12 AND MORE, MARTIN L. LUBETSKY, MD 12 The fourth specifier, associated with another neurodevelopmental or mental disorder so we just talked about ADHD, it used to be an exclusion, well ADHD may be a comorbid disorder and you would be able to identify it s associated with another neurodevelopmental or mental disorder so you may be saying ADHD as well. And another big change in specifiers is with catatonia, so you heard in the last talk that catatonia is now a specifier across many disorders, well don t forget about autism. So there is a growing literature of case studies reported across the United States and actually the world of individuals with autism identified as having catatonia when the catatonia was treated that improved. And some ask the question so I ll preempt a questions, how do you know it s catatonia in someone with autism? Any diagnosis you make is a change from their normal functioning. If someone s normal functioning fit autism and then in addition they suddenly have all these other symptoms that fit the criteria for catatonia that s how you know it s another disorder, it s not just lumped in as part of their ongoing autism. So all of these specifiers will take a little bit of practice and reading to remember that we can give a lot more detail beyond just saying now this person is ASD. A seventh change, and I ll spend a little time talking about this, are the severity specifiers. So again the rich language in DSM-5 allows you to breakdown how severe is this person s autism. And in the lay public people used to say well my child has mild autism, my child has severe autism, what did that really mean? There was no explanation, it was more anecdotal. So now there is Level 1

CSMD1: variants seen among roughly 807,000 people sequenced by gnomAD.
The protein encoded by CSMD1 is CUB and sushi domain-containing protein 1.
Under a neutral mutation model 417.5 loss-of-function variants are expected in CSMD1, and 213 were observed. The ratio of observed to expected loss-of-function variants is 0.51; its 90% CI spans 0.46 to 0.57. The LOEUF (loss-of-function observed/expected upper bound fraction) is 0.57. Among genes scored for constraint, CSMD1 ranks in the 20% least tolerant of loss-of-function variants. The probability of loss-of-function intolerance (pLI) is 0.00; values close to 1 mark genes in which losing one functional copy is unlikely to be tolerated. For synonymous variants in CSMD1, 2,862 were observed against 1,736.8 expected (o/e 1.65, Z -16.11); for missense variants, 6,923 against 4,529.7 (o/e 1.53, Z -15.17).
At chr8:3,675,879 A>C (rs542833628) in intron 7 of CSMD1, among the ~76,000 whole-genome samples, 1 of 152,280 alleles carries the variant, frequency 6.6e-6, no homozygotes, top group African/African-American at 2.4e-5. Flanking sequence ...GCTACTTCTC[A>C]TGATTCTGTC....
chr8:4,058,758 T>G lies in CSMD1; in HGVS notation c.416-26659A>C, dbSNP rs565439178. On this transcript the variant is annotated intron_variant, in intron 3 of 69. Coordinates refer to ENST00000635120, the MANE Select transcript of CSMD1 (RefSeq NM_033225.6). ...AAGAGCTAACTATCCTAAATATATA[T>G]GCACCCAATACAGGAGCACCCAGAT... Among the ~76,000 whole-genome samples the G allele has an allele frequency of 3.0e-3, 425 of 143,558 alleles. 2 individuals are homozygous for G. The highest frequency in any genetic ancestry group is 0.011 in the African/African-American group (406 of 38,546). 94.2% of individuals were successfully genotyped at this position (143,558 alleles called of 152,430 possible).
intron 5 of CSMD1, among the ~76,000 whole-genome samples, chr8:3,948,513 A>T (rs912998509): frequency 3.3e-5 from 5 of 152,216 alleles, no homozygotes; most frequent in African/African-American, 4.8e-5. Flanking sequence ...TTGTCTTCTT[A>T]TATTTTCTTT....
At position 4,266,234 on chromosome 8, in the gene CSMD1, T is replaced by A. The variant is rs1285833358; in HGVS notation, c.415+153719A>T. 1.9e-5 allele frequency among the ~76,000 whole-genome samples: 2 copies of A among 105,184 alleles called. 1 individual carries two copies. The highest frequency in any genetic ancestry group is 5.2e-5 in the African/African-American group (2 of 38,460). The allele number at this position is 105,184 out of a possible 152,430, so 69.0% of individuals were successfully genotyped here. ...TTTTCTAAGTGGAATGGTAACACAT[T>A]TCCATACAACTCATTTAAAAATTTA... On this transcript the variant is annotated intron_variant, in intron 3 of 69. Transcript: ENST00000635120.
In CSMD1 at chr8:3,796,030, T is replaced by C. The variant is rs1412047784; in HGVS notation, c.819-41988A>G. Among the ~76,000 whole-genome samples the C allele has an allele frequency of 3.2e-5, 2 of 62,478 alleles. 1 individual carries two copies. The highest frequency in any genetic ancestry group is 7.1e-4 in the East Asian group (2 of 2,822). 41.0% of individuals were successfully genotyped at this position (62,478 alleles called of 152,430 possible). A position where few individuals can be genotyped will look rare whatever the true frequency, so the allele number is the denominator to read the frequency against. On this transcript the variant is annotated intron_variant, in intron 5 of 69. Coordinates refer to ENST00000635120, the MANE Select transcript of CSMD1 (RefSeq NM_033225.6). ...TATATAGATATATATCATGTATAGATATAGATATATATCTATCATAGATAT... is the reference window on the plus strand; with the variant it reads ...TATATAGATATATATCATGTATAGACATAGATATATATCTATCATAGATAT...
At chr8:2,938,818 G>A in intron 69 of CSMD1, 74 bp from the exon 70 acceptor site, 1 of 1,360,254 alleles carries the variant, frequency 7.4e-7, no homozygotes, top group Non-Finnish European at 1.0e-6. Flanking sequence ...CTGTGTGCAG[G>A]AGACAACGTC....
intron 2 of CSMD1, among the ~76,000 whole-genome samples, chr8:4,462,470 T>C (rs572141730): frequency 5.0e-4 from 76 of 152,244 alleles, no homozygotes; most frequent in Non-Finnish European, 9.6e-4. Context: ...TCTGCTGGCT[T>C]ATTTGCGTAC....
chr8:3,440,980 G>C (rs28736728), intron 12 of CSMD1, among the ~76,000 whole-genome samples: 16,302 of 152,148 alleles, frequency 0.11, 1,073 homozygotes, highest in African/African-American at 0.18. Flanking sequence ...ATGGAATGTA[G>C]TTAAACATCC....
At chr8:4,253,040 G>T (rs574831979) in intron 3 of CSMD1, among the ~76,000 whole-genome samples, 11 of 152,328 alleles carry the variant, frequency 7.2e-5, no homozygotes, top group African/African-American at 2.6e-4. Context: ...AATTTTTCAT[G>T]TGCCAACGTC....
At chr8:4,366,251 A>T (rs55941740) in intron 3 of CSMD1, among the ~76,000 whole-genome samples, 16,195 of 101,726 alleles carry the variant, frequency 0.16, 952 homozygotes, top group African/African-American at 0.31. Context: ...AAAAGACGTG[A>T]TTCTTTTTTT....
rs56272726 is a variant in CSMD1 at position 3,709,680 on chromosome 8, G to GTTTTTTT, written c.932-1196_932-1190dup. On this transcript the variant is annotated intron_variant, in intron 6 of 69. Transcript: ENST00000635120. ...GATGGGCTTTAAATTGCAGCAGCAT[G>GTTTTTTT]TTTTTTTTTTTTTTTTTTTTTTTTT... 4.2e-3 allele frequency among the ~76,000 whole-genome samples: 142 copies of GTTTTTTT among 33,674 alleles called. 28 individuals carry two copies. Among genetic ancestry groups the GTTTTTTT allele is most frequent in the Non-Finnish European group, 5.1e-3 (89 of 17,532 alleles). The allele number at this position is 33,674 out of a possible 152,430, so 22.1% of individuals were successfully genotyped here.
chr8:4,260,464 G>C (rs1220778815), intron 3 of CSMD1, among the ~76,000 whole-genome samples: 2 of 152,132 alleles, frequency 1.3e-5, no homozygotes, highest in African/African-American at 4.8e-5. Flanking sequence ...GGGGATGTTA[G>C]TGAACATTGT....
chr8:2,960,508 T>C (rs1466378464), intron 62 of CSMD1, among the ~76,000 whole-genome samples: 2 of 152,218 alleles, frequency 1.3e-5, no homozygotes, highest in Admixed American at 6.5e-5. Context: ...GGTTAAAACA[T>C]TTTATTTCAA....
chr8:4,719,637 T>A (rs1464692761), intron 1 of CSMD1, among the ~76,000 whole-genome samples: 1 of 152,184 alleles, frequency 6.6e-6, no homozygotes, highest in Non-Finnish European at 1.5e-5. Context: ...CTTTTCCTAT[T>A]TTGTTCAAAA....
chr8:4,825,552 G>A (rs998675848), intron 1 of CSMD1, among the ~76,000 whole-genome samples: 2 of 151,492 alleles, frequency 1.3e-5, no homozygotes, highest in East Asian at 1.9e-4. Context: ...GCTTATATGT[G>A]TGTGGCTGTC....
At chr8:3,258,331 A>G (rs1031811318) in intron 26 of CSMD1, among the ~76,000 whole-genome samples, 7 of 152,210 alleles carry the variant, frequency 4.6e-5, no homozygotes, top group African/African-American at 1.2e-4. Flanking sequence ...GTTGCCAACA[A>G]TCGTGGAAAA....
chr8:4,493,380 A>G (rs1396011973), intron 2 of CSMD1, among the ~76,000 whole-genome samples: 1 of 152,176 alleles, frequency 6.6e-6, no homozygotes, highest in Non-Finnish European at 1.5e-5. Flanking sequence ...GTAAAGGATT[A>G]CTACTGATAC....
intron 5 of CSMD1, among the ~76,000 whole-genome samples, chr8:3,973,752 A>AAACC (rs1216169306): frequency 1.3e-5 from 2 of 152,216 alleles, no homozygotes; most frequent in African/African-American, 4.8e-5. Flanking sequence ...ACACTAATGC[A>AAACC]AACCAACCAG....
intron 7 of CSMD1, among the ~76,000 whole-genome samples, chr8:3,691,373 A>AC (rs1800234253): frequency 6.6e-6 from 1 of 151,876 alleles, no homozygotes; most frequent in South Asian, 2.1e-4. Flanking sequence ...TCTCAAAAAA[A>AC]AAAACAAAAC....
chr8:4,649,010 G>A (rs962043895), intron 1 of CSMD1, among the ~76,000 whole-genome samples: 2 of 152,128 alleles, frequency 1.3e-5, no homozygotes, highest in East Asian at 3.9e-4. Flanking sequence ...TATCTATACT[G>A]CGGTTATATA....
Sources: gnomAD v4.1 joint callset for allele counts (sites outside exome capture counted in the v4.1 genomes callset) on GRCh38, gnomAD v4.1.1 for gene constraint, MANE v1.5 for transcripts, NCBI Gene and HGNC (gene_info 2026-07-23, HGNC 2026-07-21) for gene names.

13 AND MORE, MARTIN L. LUBETSKY, MD 13 requiring support, Level 2 requiring substantial support and Level 3 requiring very substantial support. Well you can t just stop there because at least for me I don t know what that means, so you have to go into the detail that DSM lists for you. And I ll just give a couple of examples. So for a Level 1 requiring support, for example a person who is able to speak in full sentences and engages in communication but whose to and fro conversation with others fails and whose attempts to make friends are odd and typically unsuccessful. So they actually give a lot of detail of explaining what kind of person we re talking about. I m not reading it all, I m just giving some snippets. Under this Level 1 requiring support for restricted repetitive behaviors problems in organization and planning that hamper independence and there s more example. So when you are trying to give a level of severity and you say this person has mild autism you really are going into more detail by looking at social and restrictive repetitive behaviors about what that means, requiring support but not as severe. So what s a Level 2, requiring substantial support? For example a person who speaks simple sentences, whose interaction is limited to narrow special interests and who has markedly odd, nonverbal communication. So that person sounds a bit more severe than the example that I read before. Under restricted repetitive behaviors that frequently that appear frequently enough to be obvious to the casual observer and interfere with functioning in a variety of contexts. So this explains that this person has behaviors that are more obvious, you see it more frequently, they are trying to show a difference between what s moderate and mild.